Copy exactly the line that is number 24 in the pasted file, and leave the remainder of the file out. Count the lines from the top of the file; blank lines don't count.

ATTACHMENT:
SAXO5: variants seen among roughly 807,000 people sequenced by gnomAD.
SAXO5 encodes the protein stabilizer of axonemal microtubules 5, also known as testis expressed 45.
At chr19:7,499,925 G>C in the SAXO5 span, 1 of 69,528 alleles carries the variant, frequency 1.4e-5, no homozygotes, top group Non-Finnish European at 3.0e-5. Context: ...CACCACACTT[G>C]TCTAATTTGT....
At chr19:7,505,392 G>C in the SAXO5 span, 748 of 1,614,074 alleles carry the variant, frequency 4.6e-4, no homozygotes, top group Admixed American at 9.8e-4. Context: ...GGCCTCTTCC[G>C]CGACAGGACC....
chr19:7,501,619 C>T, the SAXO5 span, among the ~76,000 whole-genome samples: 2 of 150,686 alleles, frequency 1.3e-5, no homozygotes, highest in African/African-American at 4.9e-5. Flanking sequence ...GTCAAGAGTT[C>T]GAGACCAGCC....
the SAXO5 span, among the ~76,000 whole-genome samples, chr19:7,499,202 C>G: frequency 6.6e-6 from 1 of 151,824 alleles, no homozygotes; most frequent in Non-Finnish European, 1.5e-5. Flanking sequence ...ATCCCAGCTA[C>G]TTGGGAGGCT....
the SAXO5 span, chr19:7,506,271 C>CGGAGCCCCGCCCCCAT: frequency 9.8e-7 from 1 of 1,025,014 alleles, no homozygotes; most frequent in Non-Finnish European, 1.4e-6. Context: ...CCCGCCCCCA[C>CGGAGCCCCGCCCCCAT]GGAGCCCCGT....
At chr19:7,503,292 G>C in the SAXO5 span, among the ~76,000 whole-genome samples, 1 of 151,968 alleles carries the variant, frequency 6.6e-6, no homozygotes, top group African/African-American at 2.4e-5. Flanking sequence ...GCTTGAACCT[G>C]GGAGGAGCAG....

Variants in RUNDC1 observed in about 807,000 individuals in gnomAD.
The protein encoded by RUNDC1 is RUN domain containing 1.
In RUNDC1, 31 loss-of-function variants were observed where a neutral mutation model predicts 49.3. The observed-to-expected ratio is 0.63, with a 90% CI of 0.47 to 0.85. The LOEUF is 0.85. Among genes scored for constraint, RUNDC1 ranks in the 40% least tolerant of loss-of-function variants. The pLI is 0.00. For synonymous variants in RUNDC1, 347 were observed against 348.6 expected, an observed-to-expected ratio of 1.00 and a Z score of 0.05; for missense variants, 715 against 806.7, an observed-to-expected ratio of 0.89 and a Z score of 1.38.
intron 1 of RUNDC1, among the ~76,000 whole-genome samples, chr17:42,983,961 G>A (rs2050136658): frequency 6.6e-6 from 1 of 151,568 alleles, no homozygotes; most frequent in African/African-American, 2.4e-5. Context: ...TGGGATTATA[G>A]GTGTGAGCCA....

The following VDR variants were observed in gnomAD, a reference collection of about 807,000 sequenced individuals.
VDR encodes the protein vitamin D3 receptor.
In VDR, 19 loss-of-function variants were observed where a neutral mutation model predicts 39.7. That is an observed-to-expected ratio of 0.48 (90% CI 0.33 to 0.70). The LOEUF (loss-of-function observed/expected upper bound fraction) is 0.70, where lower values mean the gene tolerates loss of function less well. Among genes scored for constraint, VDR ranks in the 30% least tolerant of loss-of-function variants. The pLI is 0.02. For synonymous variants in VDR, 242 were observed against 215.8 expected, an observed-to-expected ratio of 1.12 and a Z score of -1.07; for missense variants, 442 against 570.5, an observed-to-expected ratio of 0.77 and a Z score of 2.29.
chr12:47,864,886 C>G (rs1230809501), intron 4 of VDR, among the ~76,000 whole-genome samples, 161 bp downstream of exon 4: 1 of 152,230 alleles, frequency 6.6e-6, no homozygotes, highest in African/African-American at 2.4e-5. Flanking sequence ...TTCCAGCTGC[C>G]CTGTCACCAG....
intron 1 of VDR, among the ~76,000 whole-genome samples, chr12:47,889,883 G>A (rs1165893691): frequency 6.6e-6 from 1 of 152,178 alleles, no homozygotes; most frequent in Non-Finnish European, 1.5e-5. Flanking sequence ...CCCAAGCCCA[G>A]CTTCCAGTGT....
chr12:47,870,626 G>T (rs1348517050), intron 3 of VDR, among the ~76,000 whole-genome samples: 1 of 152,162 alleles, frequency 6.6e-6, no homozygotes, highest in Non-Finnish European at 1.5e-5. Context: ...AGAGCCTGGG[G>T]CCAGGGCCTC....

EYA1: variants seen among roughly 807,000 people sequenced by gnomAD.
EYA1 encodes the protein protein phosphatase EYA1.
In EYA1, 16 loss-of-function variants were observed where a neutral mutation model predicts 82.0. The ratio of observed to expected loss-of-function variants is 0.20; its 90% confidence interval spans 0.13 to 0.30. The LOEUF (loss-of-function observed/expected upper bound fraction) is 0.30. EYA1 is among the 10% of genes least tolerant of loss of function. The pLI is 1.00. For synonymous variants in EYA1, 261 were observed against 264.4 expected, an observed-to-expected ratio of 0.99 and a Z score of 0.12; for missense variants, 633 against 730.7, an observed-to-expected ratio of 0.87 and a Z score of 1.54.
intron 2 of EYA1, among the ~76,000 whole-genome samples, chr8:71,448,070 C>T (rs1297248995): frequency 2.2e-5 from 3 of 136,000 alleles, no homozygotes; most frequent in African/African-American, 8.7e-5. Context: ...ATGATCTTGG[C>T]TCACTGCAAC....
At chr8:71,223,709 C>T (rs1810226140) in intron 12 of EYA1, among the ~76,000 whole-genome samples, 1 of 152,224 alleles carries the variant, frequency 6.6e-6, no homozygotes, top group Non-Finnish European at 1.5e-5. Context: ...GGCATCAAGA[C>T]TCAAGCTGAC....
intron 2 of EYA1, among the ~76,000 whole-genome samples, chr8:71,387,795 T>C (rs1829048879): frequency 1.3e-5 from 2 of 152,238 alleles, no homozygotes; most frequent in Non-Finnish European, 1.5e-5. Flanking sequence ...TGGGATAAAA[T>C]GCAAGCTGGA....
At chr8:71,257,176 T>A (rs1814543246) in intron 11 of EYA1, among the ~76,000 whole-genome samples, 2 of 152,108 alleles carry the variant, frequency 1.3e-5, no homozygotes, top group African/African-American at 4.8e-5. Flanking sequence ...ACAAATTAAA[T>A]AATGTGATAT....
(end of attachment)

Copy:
intron 2 of EYA1, among the ~76,000 whole-genome samples, chr8:71,387,795 T>C (rs1829048879): frequency 1.3e-5 from 2 of 152,238 alleles, no homozygotes; most frequent in Non-Finnish European, 1.5e-5. Flanking sequence ...TGGGATAAAA[T>C]GCAAGCTGGA....